(January 2013) Poland’s city of Krakow effectively demonstrated how to move citizens with the aid of natural stone. The secret recipe: take one dedicated artist, one enthusiastic local politician, a handful of sponsors and some 1000 or more participants; allow all ingredients to boil at maximum heat for a few days…
… and voilà: in the end, a morbid concrete wall carries a lovely floral mosaic.
And if on the 4th and planned final day of the event there is nothing left to do because of the high participation… throw a party for the participants!
Taking a step back: much traffic rumbles over historic city center’s roundabout Rondo Mogilskie. So the pedestrians are banned to a level below ground out of harm’s way which in turn means that they must navigate long stretches down stairs and along concrete walls before reaching their destination on the other side.
By coincidence mosaic artist Lubosz Karwat met Margaret Jantos, one of Krakow’s local politicians early 2012. They soon converged and agreed to make one of the 22 m long cement walls more attractive for passersby.
In agreement with city planners the idea was given a local touch: the floral motif should reflect works of Krakow’s Stanisław Wyspiański (1869-1907) which he brought back to his place of birth after spending some time in Paris. This was the Art-Nouveau-period, and Wyspiański designed a number of stained glass windows in the style of the times in Krakow’s churches before his death.
„Wyspiański na Mogilskim“ (Wyspiański on the Mogilskie) was the motto of the event. Lubosz Karwat prepared the drafts and drew up detailed plans for the realization of the project beginning with a media campaign to choose 20 volunteers acting as helpers. They were given t-shirts with the motto of the event.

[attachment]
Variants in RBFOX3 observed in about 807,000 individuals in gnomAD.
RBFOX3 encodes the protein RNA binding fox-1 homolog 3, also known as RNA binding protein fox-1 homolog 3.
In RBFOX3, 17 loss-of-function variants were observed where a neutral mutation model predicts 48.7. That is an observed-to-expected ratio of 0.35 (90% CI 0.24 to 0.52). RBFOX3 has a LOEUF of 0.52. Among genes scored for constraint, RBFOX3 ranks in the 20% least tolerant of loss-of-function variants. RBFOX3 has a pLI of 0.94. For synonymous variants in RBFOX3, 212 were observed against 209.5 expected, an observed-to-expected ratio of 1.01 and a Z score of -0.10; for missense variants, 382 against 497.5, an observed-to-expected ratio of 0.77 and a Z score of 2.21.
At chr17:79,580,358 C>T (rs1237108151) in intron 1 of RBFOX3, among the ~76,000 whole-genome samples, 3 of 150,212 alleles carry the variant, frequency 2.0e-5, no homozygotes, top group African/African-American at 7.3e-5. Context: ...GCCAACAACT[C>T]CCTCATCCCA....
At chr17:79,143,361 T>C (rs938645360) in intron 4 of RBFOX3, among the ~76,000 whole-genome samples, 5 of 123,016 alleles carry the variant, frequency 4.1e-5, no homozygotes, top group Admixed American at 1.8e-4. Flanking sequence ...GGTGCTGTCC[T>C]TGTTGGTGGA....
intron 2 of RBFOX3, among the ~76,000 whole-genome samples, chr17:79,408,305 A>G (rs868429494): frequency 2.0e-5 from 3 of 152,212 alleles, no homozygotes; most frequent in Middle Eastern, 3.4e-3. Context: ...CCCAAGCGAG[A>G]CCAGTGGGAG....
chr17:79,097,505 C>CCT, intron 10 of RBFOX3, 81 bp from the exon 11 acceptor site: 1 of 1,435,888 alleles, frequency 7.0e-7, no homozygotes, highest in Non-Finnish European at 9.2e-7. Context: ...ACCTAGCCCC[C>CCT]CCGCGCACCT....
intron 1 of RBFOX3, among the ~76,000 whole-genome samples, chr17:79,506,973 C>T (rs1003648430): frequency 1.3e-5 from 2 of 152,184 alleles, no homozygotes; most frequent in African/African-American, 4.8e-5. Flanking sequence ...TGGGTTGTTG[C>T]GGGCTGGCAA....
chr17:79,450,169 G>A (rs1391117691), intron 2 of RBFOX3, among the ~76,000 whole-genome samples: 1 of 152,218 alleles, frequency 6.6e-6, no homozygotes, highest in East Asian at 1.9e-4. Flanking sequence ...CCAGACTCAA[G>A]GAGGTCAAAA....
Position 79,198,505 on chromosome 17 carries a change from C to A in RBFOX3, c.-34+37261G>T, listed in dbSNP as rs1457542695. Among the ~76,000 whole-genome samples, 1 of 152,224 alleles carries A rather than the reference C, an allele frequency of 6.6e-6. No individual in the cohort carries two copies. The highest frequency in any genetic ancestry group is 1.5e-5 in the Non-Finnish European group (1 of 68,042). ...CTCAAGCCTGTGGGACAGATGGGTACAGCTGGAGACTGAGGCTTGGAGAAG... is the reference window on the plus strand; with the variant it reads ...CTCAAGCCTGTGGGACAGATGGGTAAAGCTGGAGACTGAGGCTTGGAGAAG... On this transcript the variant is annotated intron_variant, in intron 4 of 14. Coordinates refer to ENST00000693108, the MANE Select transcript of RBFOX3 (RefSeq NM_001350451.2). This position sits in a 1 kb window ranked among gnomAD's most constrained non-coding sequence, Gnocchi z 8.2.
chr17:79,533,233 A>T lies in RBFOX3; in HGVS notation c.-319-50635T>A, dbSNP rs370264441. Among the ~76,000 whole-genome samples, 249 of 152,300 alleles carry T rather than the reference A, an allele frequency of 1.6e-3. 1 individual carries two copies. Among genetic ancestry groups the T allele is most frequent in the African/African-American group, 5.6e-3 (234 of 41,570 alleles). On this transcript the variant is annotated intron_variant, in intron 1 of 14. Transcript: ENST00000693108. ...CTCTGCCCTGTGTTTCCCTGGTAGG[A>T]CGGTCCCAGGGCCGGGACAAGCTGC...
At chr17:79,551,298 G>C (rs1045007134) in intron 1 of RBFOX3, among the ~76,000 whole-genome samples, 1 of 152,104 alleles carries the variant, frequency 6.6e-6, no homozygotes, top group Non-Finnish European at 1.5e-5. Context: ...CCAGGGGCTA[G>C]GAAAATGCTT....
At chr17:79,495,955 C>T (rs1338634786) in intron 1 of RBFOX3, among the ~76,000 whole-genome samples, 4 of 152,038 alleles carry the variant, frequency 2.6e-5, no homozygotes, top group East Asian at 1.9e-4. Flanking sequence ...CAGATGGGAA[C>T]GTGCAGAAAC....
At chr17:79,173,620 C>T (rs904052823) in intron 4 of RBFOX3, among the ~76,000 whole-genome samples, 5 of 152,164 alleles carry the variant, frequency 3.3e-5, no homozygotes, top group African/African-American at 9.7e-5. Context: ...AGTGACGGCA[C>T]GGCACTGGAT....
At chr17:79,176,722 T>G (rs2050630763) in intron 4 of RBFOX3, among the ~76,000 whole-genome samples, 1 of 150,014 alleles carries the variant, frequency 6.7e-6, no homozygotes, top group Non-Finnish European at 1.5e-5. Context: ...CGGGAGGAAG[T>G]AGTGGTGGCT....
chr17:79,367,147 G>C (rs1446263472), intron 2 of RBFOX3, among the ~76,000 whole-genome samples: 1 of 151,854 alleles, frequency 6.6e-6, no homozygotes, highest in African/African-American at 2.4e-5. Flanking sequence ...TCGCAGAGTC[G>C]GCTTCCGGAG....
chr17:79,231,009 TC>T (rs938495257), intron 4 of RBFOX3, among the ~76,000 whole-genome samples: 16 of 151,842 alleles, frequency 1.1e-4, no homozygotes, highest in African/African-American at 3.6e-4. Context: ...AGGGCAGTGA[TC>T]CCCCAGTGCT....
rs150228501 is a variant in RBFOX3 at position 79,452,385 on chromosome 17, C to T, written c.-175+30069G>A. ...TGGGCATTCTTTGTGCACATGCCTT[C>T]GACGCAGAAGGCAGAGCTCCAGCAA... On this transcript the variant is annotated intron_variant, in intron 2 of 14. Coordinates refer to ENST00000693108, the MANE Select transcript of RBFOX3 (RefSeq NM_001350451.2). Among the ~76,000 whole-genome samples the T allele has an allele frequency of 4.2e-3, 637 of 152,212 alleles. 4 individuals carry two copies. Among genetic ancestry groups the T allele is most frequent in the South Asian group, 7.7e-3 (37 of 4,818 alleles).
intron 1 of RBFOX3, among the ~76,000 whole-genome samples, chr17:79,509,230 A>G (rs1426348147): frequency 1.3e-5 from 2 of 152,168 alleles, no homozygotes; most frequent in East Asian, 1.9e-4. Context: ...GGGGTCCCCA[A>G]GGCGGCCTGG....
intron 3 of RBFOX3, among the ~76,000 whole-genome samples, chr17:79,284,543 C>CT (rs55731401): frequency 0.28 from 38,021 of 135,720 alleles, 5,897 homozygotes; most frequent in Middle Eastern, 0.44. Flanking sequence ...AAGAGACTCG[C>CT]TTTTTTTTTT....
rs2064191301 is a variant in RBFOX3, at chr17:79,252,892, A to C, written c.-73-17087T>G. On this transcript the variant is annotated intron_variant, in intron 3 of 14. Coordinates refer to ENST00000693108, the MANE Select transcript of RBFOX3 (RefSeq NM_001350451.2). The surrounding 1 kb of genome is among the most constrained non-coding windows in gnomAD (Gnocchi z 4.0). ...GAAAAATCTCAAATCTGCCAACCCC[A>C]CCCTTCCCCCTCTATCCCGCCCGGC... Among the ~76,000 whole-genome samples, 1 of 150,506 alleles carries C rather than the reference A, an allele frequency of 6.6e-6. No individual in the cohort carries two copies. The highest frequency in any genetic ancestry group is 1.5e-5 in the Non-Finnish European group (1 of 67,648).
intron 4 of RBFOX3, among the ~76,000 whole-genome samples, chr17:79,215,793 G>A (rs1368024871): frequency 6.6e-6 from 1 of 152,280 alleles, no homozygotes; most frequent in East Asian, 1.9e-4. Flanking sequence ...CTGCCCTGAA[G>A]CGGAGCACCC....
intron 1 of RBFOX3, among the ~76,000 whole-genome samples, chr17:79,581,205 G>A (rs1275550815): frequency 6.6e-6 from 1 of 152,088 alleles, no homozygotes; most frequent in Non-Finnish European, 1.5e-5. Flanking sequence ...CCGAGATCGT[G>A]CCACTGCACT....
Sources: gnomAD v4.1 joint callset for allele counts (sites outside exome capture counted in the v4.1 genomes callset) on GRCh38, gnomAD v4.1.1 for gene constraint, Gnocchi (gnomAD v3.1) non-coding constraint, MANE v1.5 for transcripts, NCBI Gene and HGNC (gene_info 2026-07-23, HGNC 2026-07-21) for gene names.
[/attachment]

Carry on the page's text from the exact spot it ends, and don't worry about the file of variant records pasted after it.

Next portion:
No sooner had Karwat finished drawing outlines of the floral design on the cement wall…
… a run set in on Rondo Mogilskie: everybody from pupils to managers in fine business suits wanted to try their hand at mosaic. Even pensioners who notoriously suffer from a lack of time were animated by the myriad of helping hands to participate themselves.
Those who wished to stay only for a short while could apply a few pieces on the large surface. Those striving for a more intense form of participation were given detailed information and challenged by the floral pattern. „The result was that the pattern varies greatly along its 22 m length“, according to Karwat.
The effort was a raging success. So much so, in fact, that another event has already been planned for May of this year. „There are lots of drab surfaces“ comments Karwat.
Last but not least let us mention the sponsors: Rogala Company supplied the about 30 different types of stone; Weha, Granex and Makita companies contributed tools, glasses and gloves; and Tenax, Atlas and Moazaikoholik.pl delivered the needed chemical components such as primer and adhesives. The event was integrated in Krakow’s Art Festival.
Photos: Maciej Strzelczyk